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POSTED: Friday, August 07, 2009

Lingle, unions must agree soon

It's alarming and confusing that unions will poll their members for a strike vote but act without consensus when approx-imately 1,100 members will lose their jobs.

In the United States of America, especially Hawaii, people come together and help their neighbors when there is a crisis. Neighbors bag sand to stop a flood, or water their neighbor's roof during a fire — yet the union members are not given the opportunity to help save the jobs of their fellow workers.

How difficult it must be to use one's seniority to cause another employee to be fired. It might be strategy or the art of negotiation, but what happens to the bond of friendship when a person starts to target a fellow worker's job? How will unions ask for a strike vote in the future if they realize that members will suffer economic hardship if there is a strike for more than two days?

The governor and union leaders must reach a settlement quickly, or the morale of the state workers will continue to deteriorate.

Leonard Leong

Honolulu

 

Media hypocrites lack discretion

I know little of Coach Greg McMackin and otherwise wouldn't care, but this needs to be said. It is bad enough that there has always been plenty of goodie-two-shoes, most of them absolute hypocrites, poised to excoriate a public figure for virtually any breach of language or deed. It is so much worse that our media supports this tripe. Years past, the media had some sense of discretion and proportion. They had a maturity that the hypocrites did not.

Now, they are more than happy to support the gotcha-game. It is sensational, and it sells. The fact that it has the potential to ruin the lives of people whose only offense is being a public figure caught in a common indiscretion or insensitivity has no bearing. Selling newspapers or airtime is the name of the game.

The day is coming that virtually every aspect of all of our lives will be open to recording and potential exposure to the public. When that day comes, will the media finally go back to some degree of maturity in reporting?

Ron Kienitz

Kailua

 

Rail transit system deserves support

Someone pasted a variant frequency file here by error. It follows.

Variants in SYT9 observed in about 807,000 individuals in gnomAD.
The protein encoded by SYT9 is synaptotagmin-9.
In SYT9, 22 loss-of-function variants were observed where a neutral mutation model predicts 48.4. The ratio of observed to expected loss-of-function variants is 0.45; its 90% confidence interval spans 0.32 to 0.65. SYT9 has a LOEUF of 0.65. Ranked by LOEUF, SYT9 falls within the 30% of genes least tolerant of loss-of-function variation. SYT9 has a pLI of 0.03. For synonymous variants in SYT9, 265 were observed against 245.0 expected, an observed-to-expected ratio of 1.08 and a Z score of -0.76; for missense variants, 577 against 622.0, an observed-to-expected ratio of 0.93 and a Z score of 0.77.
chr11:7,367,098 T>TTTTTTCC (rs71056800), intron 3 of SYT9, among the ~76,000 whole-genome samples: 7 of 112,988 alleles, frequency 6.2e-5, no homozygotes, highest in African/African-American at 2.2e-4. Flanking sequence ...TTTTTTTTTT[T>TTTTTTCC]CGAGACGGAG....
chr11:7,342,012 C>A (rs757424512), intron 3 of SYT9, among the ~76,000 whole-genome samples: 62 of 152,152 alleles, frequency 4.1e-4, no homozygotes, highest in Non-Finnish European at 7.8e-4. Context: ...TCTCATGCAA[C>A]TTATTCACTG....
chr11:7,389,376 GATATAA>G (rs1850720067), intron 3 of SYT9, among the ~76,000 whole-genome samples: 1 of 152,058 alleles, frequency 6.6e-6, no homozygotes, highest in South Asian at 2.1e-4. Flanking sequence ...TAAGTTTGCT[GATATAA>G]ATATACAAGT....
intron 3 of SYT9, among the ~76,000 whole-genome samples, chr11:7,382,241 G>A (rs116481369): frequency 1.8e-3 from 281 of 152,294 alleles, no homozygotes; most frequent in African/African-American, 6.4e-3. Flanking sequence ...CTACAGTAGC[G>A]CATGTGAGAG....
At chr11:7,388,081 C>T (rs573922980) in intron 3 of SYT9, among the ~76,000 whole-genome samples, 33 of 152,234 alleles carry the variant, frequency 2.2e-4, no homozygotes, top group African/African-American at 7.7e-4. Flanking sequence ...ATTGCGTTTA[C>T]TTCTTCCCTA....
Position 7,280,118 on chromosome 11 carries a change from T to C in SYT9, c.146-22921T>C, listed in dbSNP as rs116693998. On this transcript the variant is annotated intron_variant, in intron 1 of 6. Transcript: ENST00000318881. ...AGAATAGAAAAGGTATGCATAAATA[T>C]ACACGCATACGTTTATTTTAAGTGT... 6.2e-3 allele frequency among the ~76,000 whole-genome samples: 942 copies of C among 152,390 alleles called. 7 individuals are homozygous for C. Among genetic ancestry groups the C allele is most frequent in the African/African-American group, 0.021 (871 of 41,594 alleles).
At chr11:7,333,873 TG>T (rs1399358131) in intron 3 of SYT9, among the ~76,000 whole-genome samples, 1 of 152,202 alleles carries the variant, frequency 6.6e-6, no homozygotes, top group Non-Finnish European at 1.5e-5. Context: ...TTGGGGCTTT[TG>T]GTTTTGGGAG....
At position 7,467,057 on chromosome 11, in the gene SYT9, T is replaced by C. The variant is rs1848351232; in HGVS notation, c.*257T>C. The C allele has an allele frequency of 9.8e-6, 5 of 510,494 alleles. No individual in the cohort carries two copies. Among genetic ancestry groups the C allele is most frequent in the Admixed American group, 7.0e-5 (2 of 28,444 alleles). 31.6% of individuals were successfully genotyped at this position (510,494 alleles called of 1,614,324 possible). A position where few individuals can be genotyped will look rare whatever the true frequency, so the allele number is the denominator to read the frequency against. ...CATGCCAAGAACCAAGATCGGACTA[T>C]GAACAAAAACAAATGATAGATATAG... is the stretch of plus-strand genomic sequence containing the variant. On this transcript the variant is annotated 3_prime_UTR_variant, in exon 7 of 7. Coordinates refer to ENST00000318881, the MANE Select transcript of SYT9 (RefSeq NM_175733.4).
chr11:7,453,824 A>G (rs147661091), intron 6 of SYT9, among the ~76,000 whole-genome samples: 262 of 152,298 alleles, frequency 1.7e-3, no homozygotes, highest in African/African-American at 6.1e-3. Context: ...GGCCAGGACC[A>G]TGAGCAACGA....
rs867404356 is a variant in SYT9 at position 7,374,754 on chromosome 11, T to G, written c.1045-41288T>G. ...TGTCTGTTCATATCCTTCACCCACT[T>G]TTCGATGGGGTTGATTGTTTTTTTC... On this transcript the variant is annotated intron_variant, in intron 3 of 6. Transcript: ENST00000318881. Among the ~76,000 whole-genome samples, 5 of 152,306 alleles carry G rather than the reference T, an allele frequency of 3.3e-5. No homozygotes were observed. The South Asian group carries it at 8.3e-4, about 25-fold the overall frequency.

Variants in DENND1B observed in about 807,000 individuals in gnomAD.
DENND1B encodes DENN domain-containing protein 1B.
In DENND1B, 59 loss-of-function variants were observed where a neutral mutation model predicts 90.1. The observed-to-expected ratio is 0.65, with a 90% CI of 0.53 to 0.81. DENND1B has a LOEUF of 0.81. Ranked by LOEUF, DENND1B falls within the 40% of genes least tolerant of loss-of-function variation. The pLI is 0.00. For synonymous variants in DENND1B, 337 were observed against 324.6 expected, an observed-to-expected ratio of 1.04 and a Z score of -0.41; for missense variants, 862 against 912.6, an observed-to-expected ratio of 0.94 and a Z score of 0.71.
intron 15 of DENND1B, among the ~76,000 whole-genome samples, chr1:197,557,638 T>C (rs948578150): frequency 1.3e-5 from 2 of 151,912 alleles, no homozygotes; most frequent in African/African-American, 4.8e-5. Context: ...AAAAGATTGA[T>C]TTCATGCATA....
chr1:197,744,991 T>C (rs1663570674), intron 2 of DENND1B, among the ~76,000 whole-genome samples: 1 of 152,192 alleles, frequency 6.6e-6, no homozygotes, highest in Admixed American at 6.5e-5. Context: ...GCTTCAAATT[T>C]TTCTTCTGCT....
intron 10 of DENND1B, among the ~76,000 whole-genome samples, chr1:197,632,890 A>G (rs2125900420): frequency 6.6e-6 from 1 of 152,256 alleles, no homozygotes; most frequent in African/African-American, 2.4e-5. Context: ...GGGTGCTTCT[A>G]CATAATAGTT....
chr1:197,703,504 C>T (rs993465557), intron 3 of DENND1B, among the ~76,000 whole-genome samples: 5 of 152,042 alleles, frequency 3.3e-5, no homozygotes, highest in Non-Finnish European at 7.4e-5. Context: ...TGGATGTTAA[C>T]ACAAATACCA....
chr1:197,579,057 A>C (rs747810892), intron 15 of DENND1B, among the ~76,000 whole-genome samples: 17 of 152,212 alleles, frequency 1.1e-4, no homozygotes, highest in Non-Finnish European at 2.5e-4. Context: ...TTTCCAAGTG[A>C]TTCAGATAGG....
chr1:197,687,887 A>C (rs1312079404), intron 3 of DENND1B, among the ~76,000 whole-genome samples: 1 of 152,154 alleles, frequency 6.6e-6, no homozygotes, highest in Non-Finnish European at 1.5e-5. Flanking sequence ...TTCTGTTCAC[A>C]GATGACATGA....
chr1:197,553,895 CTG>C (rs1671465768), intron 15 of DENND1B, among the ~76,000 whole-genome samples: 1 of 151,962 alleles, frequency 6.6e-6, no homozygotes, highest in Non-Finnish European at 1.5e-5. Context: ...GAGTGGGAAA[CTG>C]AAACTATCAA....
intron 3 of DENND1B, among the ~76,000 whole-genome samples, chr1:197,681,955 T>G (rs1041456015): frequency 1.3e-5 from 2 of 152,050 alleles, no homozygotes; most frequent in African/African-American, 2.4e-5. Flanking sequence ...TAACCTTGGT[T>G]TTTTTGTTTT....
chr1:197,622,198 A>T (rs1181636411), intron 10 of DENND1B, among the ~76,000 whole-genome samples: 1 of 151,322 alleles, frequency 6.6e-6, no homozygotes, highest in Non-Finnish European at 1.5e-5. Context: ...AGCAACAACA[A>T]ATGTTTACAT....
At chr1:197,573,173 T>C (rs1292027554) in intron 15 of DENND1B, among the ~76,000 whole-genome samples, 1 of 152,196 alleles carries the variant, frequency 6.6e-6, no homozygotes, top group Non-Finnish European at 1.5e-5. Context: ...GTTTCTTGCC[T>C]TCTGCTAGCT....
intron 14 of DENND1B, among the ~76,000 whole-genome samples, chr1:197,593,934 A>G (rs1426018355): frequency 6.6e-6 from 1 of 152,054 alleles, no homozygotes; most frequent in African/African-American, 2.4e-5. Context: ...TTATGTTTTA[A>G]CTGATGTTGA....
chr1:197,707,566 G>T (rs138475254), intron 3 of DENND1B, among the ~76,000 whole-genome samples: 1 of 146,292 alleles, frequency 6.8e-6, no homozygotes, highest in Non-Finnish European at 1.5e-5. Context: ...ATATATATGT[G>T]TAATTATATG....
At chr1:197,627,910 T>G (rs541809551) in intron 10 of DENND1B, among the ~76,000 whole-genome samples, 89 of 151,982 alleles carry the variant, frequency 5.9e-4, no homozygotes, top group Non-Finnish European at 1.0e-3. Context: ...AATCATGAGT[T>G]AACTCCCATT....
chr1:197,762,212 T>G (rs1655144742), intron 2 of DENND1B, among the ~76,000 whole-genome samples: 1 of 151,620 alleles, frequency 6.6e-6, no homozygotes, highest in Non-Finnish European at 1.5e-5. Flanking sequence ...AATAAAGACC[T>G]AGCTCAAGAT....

We must support the Honolulu city and county's rail transit initiative.

As a native Hawaiian and Waianae resident, I can tell you we have been waiting for a viable transportation option to help us save money and time. I am a business owner with offices located near the airport and I can tell you that I will be the first in line to use rail in place of driving to and from Waianae.

Rail will create jobs and an affordable and reliable means of transportation to and from the west side. Our native Hawaiian community must support rail. It's good for all of us.

Aimoku McClellan

Waianae

 

No jubilation felt in illegal statehood

The “;Jubilee of Statehood,”; was supposed to be a humdinger of an event. But the mood had changed considerably since 1959, so the state's celebration commission decided to downplay the jubilant part of jubilee.

You see, over the last few decades Hawaiians became increasingly aware that there was something wrong with statehood. The more that was discovered about the shady circumstances that led to statehood, the more statehood looked like a massive con job. The people of Hawaii (and the world, for that matter) were hoodwinked.

The passage of the Apology Resolution in 1993 by Congress and signed by the president, had obvious implications: It confirmed that Hawaii was being unlawfully possessed by the U.S.; that the Kingdom of Hawaii never ceased to be; and that the people of Hawaii had the lawful right (indeed, patriotic duty) to restore their country.

The Republic of Hawaii was unlawful; the annexation of Hawaii by the U.S. was unlawful; the Territory of Hawaii was unlawful; and the State of Hawaii was and is unlawful.

This is radically different from Hawaii being the 50th state. The dilemma for the state is: celebrating the jubilee of a lie.

Oliver Dukelow

Kahakuloa Village, Maui

               

     

 

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